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Pioneer Editorial: Must work together to solve issues

There was nothing new in Gov. Mark Dayton's first State of the State address. Much of it we heard on the campaign trail. But the overarching chord throughout the speech was that of the cooperation needed to put Minnesota back on the road to prosperity.

The Democratic governor talked on the campaign trail of making education his top priority, reiterating it in his State of the State address. Only this time he underscored the fact that K-12 education funding has declined 14 percent during the Pawlenty years, when inflation is included. But Republicans have always hailed K-12 education, claiming that they've always increased funding.

Gov. Dayton also set transportation funding as a priority and directed Transportation Commissioner Tom Sorel to work with legislators on a funding mechanism. But we've done that, raising the gas tax over the objections of GOP lawmakers and Gov. Tim Pawlenty's veto. What kind of funding mechanism will Republicans, now in charge of the Legislature, approve?

It's time for Minnesota's richest to pay their fair share in income taxes, says Gov. Dayton, a point with which we will not disagree. When times were good, taxes were cut in 1999 and 2000, but ever since then, we've tried to continue to cut taxes and to cut spending in some of the toughest times the state has ever seen.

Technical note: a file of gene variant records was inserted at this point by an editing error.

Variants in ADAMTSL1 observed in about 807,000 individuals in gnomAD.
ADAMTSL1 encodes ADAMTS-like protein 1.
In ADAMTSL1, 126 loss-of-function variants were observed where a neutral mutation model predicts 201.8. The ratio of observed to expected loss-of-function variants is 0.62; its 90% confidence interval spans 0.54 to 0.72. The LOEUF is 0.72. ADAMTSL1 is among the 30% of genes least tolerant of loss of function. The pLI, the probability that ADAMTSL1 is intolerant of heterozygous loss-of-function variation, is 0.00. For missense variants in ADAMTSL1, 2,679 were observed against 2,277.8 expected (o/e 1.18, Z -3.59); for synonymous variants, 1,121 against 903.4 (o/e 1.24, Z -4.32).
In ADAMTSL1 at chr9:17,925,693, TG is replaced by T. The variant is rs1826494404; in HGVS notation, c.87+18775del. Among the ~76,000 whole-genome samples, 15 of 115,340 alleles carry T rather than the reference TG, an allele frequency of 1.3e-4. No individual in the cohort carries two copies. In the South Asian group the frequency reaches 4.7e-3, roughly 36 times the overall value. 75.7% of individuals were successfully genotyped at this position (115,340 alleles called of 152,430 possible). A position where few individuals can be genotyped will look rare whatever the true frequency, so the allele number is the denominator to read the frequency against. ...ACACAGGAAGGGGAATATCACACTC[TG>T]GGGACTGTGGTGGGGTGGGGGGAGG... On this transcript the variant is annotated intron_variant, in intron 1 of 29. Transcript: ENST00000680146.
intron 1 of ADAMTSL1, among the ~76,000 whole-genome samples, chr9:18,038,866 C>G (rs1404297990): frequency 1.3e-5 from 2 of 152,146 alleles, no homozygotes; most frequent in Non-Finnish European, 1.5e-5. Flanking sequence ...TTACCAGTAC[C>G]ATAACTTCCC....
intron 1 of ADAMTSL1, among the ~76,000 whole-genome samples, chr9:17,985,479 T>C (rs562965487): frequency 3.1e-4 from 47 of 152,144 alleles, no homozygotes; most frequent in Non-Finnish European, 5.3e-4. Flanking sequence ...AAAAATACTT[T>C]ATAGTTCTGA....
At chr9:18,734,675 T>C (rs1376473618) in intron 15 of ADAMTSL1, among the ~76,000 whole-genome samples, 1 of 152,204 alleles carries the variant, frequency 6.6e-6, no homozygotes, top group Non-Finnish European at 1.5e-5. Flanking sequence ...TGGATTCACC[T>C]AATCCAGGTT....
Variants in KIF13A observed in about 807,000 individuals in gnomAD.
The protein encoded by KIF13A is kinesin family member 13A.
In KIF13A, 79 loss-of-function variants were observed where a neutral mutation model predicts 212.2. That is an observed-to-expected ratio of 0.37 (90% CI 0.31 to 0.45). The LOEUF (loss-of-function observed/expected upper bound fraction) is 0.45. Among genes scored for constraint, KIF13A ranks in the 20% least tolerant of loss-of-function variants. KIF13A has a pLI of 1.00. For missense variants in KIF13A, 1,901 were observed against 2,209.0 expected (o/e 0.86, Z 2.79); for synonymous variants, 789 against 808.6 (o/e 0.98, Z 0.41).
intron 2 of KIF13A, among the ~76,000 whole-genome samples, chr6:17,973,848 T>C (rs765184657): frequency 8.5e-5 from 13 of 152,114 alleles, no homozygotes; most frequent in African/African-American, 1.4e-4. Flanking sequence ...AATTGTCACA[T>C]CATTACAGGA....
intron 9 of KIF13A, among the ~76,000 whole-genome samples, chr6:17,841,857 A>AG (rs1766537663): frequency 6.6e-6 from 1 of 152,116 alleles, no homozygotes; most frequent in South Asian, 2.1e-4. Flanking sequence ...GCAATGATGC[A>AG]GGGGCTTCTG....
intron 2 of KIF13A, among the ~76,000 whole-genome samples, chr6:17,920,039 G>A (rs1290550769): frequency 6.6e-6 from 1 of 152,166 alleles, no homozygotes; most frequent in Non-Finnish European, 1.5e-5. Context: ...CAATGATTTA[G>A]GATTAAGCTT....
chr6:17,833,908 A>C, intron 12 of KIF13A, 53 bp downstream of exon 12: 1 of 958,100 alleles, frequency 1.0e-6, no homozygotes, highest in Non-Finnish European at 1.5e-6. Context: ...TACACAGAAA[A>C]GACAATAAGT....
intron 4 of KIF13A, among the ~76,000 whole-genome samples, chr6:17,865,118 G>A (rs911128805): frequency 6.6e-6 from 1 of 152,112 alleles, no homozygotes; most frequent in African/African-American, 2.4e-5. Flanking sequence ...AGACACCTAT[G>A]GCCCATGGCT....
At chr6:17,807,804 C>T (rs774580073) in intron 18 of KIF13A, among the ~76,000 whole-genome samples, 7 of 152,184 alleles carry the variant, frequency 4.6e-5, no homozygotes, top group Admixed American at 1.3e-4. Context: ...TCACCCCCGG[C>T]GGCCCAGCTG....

As Gov. Dayton pointed out, there are 77,000 more unemployed Minnesotans now than in December 2002, before Gov. Pawlenty took office.

And yet today's Republicans continue the "no new taxes" pledge and that's one of their unmovable cornerstones. We do find it difficult, as does the governor, to see how a $6.2 billion budget deficit will be solved without increased revenue or horrific property tax increases as the state dumps and runs from programs, passing them onto to local governments.

These are indeed serious challenges. But Gov. Dayton realizes the seriousness of the situation and underscored the need for cooperation for what is best for Minnesota.

"Our shared success is essential to turn our state around and get us -- all of us -- working again. By all of us working together," he said. It won't be easy, but Gov. Dayton tried to appeal to the ideal that public policy that is good for Minnesota shouldn't have party labels attached.

Using the example of 9/11, he said lawmakers can come together for the common good, and charged Minnesota lawmakers with that task. We hope it works.